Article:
Also, I decided to use Lyle's Golden Syrup instead of the corn syrup called for in RLB's Neoclassic Buttercream recipe. (I like that recipe better than the Classic BC where you have to make a sugar syrup...I don't like making sugar syrups.) RLB says in her sugar dissertation that refiner's syrup can be used almost interchangeably with light corn syrup, and I do recall somewhere seeing her buttercream recipe using refiner's syrup and noticing that it wasn't much different than her Neoclassic BC. I tried to find it online, but I couldn't. So I just replaced the corn syrup with refiner's and off I went. I also used Golden Baker's Sugar instead of white sugar, which I am trying to phase out of most baking these days. The golden sugar tastes much better most of the time.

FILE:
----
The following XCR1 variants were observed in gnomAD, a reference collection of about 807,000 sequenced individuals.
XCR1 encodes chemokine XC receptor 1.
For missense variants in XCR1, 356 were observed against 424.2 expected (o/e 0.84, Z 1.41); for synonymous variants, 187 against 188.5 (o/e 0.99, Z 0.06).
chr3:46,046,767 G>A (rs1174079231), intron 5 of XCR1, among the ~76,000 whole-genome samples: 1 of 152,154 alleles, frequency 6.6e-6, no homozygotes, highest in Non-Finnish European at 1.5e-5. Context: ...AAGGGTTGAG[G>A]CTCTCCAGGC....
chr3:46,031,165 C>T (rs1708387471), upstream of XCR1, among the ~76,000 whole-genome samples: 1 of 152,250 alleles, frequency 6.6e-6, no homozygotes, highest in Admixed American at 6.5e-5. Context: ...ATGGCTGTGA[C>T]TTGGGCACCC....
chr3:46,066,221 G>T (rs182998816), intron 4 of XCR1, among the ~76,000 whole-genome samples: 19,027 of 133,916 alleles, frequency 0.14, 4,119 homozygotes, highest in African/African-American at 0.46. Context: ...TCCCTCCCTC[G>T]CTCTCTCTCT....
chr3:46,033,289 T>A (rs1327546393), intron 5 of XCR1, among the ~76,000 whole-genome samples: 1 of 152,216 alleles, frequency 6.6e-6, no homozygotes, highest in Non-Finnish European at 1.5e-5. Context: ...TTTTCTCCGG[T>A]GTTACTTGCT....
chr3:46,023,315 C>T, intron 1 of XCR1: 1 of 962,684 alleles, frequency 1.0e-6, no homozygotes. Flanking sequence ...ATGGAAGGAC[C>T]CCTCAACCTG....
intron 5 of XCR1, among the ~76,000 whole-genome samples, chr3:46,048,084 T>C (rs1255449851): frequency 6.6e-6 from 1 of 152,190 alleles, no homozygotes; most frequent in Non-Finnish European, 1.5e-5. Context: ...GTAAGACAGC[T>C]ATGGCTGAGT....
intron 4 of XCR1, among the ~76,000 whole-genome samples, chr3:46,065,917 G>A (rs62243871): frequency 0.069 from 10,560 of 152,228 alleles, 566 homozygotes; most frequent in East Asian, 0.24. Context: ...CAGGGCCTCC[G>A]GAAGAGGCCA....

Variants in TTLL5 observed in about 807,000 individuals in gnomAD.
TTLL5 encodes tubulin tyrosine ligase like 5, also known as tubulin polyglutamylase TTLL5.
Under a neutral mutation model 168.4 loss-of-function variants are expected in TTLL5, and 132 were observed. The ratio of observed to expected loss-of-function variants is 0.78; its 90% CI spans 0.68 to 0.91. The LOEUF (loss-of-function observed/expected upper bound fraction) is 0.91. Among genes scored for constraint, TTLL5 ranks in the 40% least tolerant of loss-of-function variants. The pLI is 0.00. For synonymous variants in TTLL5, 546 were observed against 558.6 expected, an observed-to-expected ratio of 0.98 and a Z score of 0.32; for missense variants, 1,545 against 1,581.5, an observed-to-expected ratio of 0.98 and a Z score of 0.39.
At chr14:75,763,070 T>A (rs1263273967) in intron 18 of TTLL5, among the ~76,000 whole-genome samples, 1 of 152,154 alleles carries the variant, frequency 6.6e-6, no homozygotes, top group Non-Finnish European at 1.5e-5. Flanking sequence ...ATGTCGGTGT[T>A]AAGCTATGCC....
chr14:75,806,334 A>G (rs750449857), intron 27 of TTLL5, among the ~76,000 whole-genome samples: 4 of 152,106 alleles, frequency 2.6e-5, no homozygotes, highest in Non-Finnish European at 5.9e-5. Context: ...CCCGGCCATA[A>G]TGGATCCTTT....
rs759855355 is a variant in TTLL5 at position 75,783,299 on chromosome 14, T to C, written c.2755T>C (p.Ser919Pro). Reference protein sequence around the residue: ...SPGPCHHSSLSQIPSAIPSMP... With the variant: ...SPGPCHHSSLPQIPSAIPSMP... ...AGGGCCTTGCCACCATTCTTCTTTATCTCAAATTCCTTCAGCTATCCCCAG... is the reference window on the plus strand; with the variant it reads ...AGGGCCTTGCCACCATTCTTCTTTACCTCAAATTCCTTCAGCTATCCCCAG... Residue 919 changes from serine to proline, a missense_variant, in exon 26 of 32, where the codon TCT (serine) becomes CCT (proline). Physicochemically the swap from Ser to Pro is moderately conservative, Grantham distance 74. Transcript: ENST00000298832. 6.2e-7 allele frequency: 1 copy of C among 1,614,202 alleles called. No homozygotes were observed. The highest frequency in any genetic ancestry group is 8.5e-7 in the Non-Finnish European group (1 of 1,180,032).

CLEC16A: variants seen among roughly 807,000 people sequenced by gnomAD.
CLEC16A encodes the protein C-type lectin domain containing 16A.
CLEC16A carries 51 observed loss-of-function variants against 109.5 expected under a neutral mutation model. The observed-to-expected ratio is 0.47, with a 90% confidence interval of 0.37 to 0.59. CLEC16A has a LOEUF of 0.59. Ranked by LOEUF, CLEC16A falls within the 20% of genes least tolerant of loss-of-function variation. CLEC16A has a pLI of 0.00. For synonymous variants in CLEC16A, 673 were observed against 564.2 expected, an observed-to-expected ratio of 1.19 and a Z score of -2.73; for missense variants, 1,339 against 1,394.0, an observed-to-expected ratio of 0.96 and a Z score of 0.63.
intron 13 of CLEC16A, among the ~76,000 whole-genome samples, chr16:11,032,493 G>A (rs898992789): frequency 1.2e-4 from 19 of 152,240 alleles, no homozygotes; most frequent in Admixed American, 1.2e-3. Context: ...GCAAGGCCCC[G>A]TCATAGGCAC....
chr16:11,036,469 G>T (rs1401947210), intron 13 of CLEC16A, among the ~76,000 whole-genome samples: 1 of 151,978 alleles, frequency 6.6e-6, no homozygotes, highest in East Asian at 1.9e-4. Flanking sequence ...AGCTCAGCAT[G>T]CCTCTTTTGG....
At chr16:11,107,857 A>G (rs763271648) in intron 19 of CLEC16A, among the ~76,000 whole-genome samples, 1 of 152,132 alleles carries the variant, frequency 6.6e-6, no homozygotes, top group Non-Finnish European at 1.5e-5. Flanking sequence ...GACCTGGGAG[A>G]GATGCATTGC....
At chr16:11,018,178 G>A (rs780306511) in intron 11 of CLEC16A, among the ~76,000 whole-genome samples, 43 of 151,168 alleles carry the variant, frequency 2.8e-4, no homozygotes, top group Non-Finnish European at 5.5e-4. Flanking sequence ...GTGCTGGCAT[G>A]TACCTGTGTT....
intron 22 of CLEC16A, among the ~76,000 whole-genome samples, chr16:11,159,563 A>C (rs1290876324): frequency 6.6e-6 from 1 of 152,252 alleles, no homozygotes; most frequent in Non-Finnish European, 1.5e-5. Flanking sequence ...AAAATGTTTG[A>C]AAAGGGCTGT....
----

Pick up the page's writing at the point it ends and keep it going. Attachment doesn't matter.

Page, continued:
So when making RLB's Neoclassic BC, you first bring the syrup and the sugar to a roiling boil. Meanwhile, you are beating the crap out of a bunch of egg yolks in a stand mixer, preferably. Once the sugar boils you pull it off and start adding it a little at a time to the yolks. After the last addition, you let the mixture keep beating until it cools completely. At this stage it looks like you have pale yellow marshmallow fluff, or in my case, a light caramel marshmallow fluff.
I started throwing in the butter when the mix was still slightly warm, hoping it would soften up the butter a little. I don't know how well it worked, but oh well.
After all the butter was added and things were looking pretty good, I poured in the maximum amount of Kahlua the BC could hold (about 6 ounces). Then I packed it all into a big yogurt container, and packed myself in for the night.
Saturday night, after going out to dinner and getting all riled up about the underwhelming dessert, I went home and baked the cake.